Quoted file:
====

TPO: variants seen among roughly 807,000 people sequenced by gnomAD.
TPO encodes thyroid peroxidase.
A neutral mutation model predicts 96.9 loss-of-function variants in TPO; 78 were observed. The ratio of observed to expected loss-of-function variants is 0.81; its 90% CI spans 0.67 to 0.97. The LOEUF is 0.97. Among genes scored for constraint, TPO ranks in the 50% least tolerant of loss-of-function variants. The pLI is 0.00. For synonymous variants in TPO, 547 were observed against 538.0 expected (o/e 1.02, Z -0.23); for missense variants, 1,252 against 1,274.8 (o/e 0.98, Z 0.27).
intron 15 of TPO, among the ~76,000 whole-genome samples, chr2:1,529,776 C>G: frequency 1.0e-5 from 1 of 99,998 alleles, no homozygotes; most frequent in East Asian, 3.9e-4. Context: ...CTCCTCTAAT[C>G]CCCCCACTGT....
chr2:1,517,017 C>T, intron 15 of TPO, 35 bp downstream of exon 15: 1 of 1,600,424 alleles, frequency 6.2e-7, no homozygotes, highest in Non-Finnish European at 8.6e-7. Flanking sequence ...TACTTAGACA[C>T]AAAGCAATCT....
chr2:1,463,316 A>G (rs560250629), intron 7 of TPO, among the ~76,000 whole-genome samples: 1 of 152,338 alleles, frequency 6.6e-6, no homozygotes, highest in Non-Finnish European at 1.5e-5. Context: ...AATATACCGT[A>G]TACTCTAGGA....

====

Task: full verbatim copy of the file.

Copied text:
TPO: variants seen among roughly 807,000 people sequenced by gnomAD.
TPO encodes thyroid peroxidase.
A neutral mutation model predicts 96.9 loss-of-function variants in TPO; 78 were observed. The ratio of observed to expected loss-of-function variants is 0.81; its 90% CI spans 0.67 to 0.97. The LOEUF is 0.97. Among genes scored for constraint, TPO ranks in the 50% least tolerant of loss-of-function variants. The pLI is 0.00. For synonymous variants in TPO, 547 were observed against 538.0 expected (o/e 1.02, Z -0.23); for missense variants, 1,252 against 1,274.8 (o/e 0.98, Z 0.27).
intron 15 of TPO, among the ~76,000 whole-genome samples, chr2:1,529,776 C>G: frequency 1.0e-5 from 1 of 99,998 alleles, no homozygotes; most frequent in East Asian, 3.9e-4. Context: ...CTCCTCTAAT[C>G]CCCCCACTGT....
chr2:1,517,017 C>T, intron 15 of TPO, 35 bp downstream of exon 15: 1 of 1,600,424 alleles, frequency 6.2e-7, no homozygotes, highest in Non-Finnish European at 8.6e-7. Flanking sequence ...TACTTAGACA[C>T]AAAGCAATCT....
chr2:1,463,316 A>G (rs560250629), intron 7 of TPO, among the ~76,000 whole-genome samples: 1 of 152,338 alleles, frequency 6.6e-6, no homozygotes, highest in Non-Finnish European at 1.5e-5. Context: ...AATATACCGT[A>G]TACTCTAGGA....